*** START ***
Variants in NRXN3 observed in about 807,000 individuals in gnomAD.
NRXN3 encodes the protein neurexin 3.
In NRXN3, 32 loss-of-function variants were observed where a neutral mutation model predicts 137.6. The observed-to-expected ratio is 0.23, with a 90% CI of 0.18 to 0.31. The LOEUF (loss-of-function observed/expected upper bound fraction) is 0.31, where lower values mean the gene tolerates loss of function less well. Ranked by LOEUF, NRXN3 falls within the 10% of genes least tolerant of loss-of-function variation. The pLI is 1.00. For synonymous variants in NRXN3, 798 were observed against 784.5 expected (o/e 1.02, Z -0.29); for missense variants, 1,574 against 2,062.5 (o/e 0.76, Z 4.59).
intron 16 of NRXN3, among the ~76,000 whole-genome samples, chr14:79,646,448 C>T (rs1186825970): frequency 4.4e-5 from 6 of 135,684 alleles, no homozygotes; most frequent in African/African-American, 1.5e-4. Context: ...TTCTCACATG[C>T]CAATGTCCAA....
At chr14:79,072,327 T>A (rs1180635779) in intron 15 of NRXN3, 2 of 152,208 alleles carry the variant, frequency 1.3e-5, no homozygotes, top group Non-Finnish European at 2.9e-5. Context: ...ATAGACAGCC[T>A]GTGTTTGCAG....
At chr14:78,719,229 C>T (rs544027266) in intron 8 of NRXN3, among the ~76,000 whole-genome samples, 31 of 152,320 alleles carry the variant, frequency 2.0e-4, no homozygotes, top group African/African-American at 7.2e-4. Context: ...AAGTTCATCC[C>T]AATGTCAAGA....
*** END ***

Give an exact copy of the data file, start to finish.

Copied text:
Variants in NRXN3 observed in about 807,000 individuals in gnomAD.
NRXN3 encodes the protein neurexin 3.
In NRXN3, 32 loss-of-function variants were observed where a neutral mutation model predicts 137.6. The observed-to-expected ratio is 0.23, with a 90% CI of 0.18 to 0.31. The LOEUF (loss-of-function observed/expected upper bound fraction) is 0.31, where lower values mean the gene tolerates loss of function less well. Ranked by LOEUF, NRXN3 falls within the 10% of genes least tolerant of loss-of-function variation. The pLI is 1.00. For synonymous variants in NRXN3, 798 were observed against 784.5 expected (o/e 1.02, Z -0.29); for missense variants, 1,574 against 2,062.5 (o/e 0.76, Z 4.59).
intron 16 of NRXN3, among the ~76,000 whole-genome samples, chr14:79,646,448 C>T (rs1186825970): frequency 4.4e-5 from 6 of 135,684 alleles, no homozygotes; most frequent in African/African-American, 1.5e-4. Context: ...TTCTCACATG[C>T]CAATGTCCAA....
At chr14:79,072,327 T>A (rs1180635779) in intron 15 of NRXN3, 2 of 152,208 alleles carry the variant, frequency 1.3e-5, no homozygotes, top group Non-Finnish European at 2.9e-5. Context: ...ATAGACAGCC[T>A]GTGTTTGCAG....
At chr14:78,719,229 C>T (rs544027266) in intron 8 of NRXN3, among the ~76,000 whole-genome samples, 31 of 152,320 alleles carry the variant, frequency 2.0e-4, no homozygotes, top group African/African-American at 7.2e-4. Context: ...AAGTTCATCC[C>T]AATGTCAAGA....